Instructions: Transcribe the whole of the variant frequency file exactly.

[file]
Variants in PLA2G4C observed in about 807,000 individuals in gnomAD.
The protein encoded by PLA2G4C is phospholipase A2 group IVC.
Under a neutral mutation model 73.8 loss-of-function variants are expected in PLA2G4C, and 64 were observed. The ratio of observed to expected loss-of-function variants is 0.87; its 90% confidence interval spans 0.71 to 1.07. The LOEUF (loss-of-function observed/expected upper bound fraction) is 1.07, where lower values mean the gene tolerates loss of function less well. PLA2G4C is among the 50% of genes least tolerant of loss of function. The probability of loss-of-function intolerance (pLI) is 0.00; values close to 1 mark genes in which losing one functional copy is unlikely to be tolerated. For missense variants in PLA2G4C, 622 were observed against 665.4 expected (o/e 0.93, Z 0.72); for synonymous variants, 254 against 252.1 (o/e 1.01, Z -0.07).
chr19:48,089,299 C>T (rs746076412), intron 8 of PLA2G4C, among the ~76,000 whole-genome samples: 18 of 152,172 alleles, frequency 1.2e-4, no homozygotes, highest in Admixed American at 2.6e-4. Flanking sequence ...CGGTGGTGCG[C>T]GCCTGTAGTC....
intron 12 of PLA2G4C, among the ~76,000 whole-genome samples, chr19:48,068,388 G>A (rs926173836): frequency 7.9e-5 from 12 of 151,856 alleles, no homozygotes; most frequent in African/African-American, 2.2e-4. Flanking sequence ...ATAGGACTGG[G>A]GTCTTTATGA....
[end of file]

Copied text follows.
Variants in PLA2G4C observed in about 807,000 individuals in gnomAD.
The protein encoded by PLA2G4C is phospholipase A2 group IVC.
Under a neutral mutation model 73.8 loss-of-function variants are expected in PLA2G4C, and 64 were observed. The ratio of observed to expected loss-of-function variants is 0.87; its 90% confidence interval spans 0.71 to 1.07. The LOEUF (loss-of-function observed/expected upper bound fraction) is 1.07, where lower values mean the gene tolerates loss of function less well. PLA2G4C is among the 50% of genes least tolerant of loss of function. The probability of loss-of-function intolerance (pLI) is 0.00; values close to 1 mark genes in which losing one functional copy is unlikely to be tolerated. For missense variants in PLA2G4C, 622 were observed against 665.4 expected (o/e 0.93, Z 0.72); for synonymous variants, 254 against 252.1 (o/e 1.01, Z -0.07).
chr19:48,089,299 C>T (rs746076412), intron 8 of PLA2G4C, among the ~76,000 whole-genome samples: 18 of 152,172 alleles, frequency 1.2e-4, no homozygotes, highest in Admixed American at 2.6e-4. Flanking sequence ...CGGTGGTGCG[C>T]GCCTGTAGTC....
intron 12 of PLA2G4C, among the ~76,000 whole-genome samples, chr19:48,068,388 G>A (rs926173836): frequency 7.9e-5 from 12 of 151,856 alleles, no homozygotes; most frequent in African/African-American, 2.2e-4. Flanking sequence ...ATAGGACTGG[G>A]GTCTTTATGA....